Giovanni Mario [orig. Giovanni Matteo, Cavaliere di Candia] (17 Oct 1810 - 11 Dec 1883): Italian tenor. Debut Paris Opéra (1838) Robert le Diable. Sang in London from 1839 to 1871 at various theaters. He originally eloped with a ballerina to Paris in 1836. Then he married Giulia Grisi in 1844. Sang in the world premiere of Don Pasquale (1843). First London Gennaro, Ernesto, Duke of Mantua, John of Leyden, and Roméo. He was poverty stricken after his retirement. Considered to have had one of the finest voices of the 19th century. Pauline Viardot-Garcia (18 Jul 1821 - 18 May 1910): French mezzo-soprano of Spanish birth. Daughter of Manuel Garcia, and the younger sister of Maria Malibran. Studied singing with her mother and brother, and piano with Liszt, among others. Debut (concert form) Brussels (13 Dec 1833). Stage debut London (Her Majesty's) (May 1839) as Rossini's Desdemona. Married Louis Viardot, manager of Théàtre-Italien in Paris. Created Fidès in Le Prophète (1849). Created the title role in Gounod's Sapho. First London Azucena. Sang throughout Germany; London, Paris. Viardot-Garcia also was known for writing poetry, plays and operettas. Her pupils included Désirée Artôt, Marianne Brandt, Organi, and Teresa Arkel. Seen here in Orfeo.Eugène Caron (1834(5) - 1903): French baritone. Debut (22 Sep 1862) as Count de Luna (seen here) in Il Trouvère at the Le Peletier. At the Palais Garnier he created Enguerrand in La Reine Berth, Thomas in La Vierge, and Maîitre Jean in Jeanne d'Arc. He retired in 1886. Adelaide Borghi-Mamo (Bologna: 9 Aug 1826 - Bologna: 29 Sep 1901) was an Italian mezzo-soprano. Debut (1843) Urbino, as Bianca in Il giuramento. Quickly appeared throughout Italy. Created Morna (Pacini: Malvina di Scozi), Olimpia (Mercandante: Statira), Odetta (Pacini: Romilda di Provenza), and several other roles. In 1860 she travelled to London, and then back to Italy to appear in Milan, Venice, and Bologna. She has also appeared in Paris and Madrid.
Giulia Grisi (1811 - 1869), Italian soprano. She toured the United States in 1854 with Giuseppe Mario, whom she married in 1856. Roles were written for her by Bellini, in I Puritani, and by Donizetti, in Don Pasquale. Her first teacher was her sister, Giuditta Grisi, 1805–40, a mezzo-soprano, who married and retired in 1834. Giulia was married to Giovanni Mario."Grisi has often told me the story of her debut. How, when hardly fourteen years old, she sang the part of Emma in the "Zelmira" at Bologna. It was at an hour's notice. There was no one to be found to replace the singer who had suddenly been taken ill. Giulia, to the surprise of all her family, offered to relieve the manager from his embarrassment: was accepted and acquitted herself admirably. So satisfied was the Impresario with her success, that he gave her an engagement for all the season. From Bologna Grisi went to Florence, and thence to Milan in 1831. On every occasion the same "good luck" attended her until her first appearance in London in 1834, when, strange to say, the young debutante was but coldly received. She had previously sung in Paris with great success, when Laporte had heard and engaged her." 12 Sep 1867Grisi and Mario were reportedly on the receiving end of a negative claque in Madrid: "Madame Grisi lately met with a very unfriendly reception in Madrid, from what cause we are not informed. A Madrid letter (no date) in the Independence Belge says that at the performance of Norma 50 or 60 persons hired for the purpose, and placed in little groups in the upper galleries, greeted her with groans and noises of all kinds, which completely drowned the voices of Madame Grisi and Mario. The uproar was at its height at the commencement of the duet in the second act. Potatoes were then thrown from the upper galleries, falling at the feet of Madame Grisi, and rebounding into the pit. The public in the boxes and other parts of the house rose indignantly to protest against such an outrage, but Madame Grisi withdrew, her face bathed in tears. Mario attempted for some seconds to brave the storm, but was obliged to leave the stage. One of the employees of the theatre came forward to announce that the performance would not be continued, Madame Grisi having fainted away, overcome with emotion." 8 Nov 1859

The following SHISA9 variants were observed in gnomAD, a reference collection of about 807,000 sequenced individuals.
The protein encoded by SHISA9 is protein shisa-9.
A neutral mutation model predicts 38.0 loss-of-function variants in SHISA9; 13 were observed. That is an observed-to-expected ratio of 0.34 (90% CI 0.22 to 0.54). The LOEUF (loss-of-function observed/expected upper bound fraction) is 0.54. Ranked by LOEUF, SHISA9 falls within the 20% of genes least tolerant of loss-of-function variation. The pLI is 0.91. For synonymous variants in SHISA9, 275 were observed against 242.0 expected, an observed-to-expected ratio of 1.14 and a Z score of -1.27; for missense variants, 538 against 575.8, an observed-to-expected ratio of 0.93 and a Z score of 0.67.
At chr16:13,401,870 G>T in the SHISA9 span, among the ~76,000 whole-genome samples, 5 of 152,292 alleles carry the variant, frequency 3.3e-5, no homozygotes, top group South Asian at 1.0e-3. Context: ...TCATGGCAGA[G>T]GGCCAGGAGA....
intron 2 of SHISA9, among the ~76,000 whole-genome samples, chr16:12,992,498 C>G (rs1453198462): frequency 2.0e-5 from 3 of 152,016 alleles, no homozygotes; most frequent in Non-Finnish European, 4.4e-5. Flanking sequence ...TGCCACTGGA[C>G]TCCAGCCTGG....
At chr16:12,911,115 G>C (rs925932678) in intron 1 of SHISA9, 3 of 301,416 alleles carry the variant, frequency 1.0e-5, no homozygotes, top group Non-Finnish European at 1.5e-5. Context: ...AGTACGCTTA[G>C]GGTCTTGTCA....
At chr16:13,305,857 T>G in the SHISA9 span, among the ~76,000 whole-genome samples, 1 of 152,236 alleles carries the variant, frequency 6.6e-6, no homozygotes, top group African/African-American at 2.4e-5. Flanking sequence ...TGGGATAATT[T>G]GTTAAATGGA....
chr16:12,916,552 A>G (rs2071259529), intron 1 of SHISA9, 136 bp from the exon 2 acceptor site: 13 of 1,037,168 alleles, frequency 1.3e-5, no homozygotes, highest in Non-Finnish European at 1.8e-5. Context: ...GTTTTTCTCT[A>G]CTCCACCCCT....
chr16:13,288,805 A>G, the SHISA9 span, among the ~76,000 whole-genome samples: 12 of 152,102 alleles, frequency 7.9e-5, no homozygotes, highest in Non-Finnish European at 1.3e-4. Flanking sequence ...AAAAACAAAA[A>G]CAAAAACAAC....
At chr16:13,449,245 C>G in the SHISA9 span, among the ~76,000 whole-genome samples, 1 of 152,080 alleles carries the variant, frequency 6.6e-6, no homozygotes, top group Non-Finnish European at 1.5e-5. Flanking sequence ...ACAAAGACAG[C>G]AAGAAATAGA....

WhatSingersTakefortheirVoicesLa Gazzetta Piedmontese gives the following particulars as to the way in which famous lady singers have contrived, and still contrive, to strengthen their voices: Mdme. Sontag, by eating sardines; Mdme. Despiorre, by drinking hot water; Mdme. Cruvelli, claret; Mdme. Patti, seltzer water; Mdme. Nilsson, beer; Mdme. Cabol, by eating pears; Mdme. Trebelli, strawberries; Mdme. Borghi-Mamo, by taking snuff; Mdme. Dorus-Gras, by eating cold meat. Several singers of the male sex also have indulged in similar freaks. Sabatt, the Swedish tenor, used to eat pickled cucumber; Berk, the baritone, hardly ever spoke for fear of spoiling his voice. Kinderman was in the habit of sucking prunes. The Yorkshire EveningPost,6Jul1893.